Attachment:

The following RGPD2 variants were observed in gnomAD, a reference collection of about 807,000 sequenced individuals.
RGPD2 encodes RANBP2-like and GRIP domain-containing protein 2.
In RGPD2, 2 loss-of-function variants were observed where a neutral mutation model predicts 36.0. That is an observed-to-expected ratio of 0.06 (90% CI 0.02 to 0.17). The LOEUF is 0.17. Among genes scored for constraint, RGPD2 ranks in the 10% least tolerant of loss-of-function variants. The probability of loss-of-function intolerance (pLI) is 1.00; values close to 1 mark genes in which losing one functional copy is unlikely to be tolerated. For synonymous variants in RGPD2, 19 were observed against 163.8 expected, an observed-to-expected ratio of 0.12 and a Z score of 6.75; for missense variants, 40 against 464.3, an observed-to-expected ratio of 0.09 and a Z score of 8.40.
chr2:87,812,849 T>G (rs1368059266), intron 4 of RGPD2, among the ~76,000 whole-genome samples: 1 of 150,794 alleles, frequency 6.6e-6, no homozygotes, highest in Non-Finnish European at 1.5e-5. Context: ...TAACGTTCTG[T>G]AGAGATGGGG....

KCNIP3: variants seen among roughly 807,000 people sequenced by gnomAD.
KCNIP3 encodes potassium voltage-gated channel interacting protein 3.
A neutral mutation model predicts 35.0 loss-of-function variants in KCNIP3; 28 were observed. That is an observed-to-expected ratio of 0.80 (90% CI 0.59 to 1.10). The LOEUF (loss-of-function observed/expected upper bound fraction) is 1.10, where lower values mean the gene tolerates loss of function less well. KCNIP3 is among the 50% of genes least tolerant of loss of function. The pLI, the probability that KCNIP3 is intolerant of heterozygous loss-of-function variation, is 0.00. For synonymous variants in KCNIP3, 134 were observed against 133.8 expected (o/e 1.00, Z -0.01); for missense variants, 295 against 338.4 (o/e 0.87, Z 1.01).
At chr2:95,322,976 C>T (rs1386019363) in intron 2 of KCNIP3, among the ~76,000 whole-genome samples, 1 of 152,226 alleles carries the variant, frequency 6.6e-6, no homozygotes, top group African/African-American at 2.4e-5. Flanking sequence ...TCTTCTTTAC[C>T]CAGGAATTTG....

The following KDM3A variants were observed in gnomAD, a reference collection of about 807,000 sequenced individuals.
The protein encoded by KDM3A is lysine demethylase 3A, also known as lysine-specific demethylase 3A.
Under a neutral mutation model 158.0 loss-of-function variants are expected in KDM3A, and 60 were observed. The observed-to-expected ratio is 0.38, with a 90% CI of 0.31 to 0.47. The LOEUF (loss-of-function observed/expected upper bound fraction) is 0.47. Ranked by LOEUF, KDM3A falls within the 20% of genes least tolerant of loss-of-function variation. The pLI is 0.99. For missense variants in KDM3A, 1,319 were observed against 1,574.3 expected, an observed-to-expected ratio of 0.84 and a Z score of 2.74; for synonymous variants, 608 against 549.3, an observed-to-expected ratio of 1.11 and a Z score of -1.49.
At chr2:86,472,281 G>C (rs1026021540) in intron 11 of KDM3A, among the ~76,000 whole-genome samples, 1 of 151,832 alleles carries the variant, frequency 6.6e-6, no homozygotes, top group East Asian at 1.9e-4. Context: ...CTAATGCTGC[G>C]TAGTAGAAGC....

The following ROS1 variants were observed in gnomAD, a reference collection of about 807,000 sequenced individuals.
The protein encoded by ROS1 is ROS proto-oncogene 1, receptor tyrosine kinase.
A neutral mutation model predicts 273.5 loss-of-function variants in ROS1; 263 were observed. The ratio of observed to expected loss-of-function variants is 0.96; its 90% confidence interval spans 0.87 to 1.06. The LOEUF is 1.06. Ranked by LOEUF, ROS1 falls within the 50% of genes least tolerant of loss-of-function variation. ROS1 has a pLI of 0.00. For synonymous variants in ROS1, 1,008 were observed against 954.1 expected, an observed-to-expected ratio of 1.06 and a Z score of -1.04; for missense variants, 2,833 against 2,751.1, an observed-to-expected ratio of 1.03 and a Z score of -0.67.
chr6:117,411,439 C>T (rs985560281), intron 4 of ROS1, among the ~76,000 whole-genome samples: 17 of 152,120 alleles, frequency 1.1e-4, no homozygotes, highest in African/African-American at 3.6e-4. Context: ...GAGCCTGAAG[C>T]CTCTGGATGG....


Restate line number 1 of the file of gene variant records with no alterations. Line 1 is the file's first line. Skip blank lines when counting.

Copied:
The following RGPD2 variants were observed in gnomAD, a reference collection of about 807,000 sequenced individuals.